“Mater mea Fiducia mea!” (My Mother, my Confidence!).

 


  

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Quote of the day

DAILY QUOTE for November 13, 2019

Men do not fear a powerful hostile army as the powers of hel...

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November 13

 

Men do not fear a powerful hostile army
as much as the powers of hell fear the name and protection of Mary.

St. Bonaventure


DEFEND Our Lady's HONOR !

Saint of the day

SAINT OF THE DAY

St. Frances Xavier Cabrini

“No, Monsignor, not that. The Pope sent me here, and here...

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St. Frances Xavier Cabrini

Born on July 15, 1850 into a family of Italian farmers near Lombardi, Frances was the youngest of thirteen children. Her parents, Augustine and Stella Cabrini, died in 1870 when she was eighteen, and Frances lived with her sister, Rosa. Though she was always a devout child, Frances became truly close to God as she grew older, and she became renowned for her holiness.

Around the year 1874, Frances was invited by her parish priest to assist at the House of Providence, an orphanage where she remained for six years. In 1877, she and seven of her close friends took their first vows. That same year, the Bishop asked her to found the Missionary Sisters of the Sacred Heart to care for poor children in schools and hospitals. She and her seven followers organized themselves at an old Franciscan friary at Codogno, and there Frances wrote a rule for the sisters to follow. By 1887, the process for the Missionary Sisters of the Sacred Heart to become officially recognized by the Church had begun, and houses were founded all over Italy.

In 1889, Pope Leo XIII asked Frances to travel to New York with six of her sisters to work among the Italian immigrants. When she arrived on March 31, she discovered the plan had fallen through: there was no building in which to teach, no orphanage and no home for the hard-traveled nuns to stay. Archbishop Corrigan apologized and suggested the nuns return to Italy, to which Frances replied, “No, Monsignor, not that. The Pope sent me here, and here I must stay,” and within a few weeks, she made progress with her mission, ultimately establishing schools, hospitals, and orphanages.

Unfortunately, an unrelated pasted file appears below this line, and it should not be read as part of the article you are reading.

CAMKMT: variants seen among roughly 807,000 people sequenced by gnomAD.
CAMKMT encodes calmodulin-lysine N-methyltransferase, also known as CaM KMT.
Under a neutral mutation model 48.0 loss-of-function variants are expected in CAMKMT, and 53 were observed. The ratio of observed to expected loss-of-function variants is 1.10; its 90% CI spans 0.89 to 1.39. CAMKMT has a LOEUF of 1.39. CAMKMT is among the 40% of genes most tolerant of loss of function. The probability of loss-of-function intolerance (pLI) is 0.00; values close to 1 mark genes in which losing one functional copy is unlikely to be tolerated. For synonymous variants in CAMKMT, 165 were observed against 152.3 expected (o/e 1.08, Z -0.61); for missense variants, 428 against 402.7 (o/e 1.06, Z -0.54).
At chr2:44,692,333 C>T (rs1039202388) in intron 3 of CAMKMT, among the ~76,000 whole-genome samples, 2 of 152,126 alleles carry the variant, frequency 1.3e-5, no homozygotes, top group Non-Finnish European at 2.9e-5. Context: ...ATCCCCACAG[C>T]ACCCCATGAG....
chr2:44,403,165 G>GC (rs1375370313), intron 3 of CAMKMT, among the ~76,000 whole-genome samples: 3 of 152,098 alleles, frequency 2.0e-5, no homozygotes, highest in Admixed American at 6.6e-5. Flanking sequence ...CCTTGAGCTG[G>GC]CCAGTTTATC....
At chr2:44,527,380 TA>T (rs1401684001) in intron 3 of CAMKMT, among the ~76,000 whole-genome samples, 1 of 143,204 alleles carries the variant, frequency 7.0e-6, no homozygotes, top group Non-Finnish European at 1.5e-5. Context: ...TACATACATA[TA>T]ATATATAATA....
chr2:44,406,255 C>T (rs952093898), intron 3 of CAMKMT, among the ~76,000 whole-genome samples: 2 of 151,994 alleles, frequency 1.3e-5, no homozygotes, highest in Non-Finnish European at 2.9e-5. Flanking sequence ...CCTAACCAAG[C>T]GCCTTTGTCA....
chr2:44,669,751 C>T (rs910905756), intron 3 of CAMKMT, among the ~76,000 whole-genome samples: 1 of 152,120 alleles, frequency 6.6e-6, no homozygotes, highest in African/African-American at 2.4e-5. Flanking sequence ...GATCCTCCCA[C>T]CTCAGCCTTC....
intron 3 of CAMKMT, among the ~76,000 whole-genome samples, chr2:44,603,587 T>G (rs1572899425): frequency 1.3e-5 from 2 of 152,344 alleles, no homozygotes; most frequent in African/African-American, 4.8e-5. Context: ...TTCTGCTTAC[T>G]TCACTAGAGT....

In 1892, Frances completed her most well-known achievement: the Columbus Hospital in New York. This success led to houses and schools being opened in Brazil, Chile and Europe. By 1907, the Missionary Sisters of the Sacred Heart were officially recognized by the Catholic Church. Their small community had grown to over a thousand, and free schools, orphanages and convents had been established in eight countries.

Her body had been failing for six years, but Frances’s death came suddenly. She died in the convent in Chicago on December 22, 1917. She was canonized in 1946.

Weekly Story

WEEKLY STORY

Centuries ago, in Toledo, Spain, there lived a Cistercian nu...

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A Favor Granted

Centuries ago, in Toledo, Spain, there lived a Cistercian nun called Mary. Being at the point of death, the Blessed Mother appeared to her, and Mary said to her:

"Oh Lady, the favor you do me of visiting me at this hour emboldens me to ask you another favor, namely, that I may die at the same hour that you died and entered into heaven.”

"Yes," answered Mary Most Holy. "I will satisfy your request; you will die at that hour, and you will hear the songs and praises with which the blessed accompanied my entrance into heaven; and now prepare for your death."

When she had said this she disappeared.

Passing by Mary’s cell, other nuns heard her talking to herself, and they thought she must be losing her mind. But she related to them the vision of the Virgin Mary and the promised grace. Soon the entire convent awaited the desired hour.

When Mary knew the hour had arrived, by the striking of the clock, she said:

"Behold, the predicted hour has come; I hear the music of the angels. At this hour my queen ascended into heaven. Rest in peace, for I am going now to see her."

Saying this she expired, while her eyes became bright as stars, and her face glowed with a beautiful color.

From the Glories of Mary, by St. Alphonsus Maria de Liguori.

Centuries ago, in Toledo, Spain, there lived a Cistercian nun called Mary. Being at the point of death, the Blessed Mother appeared to her,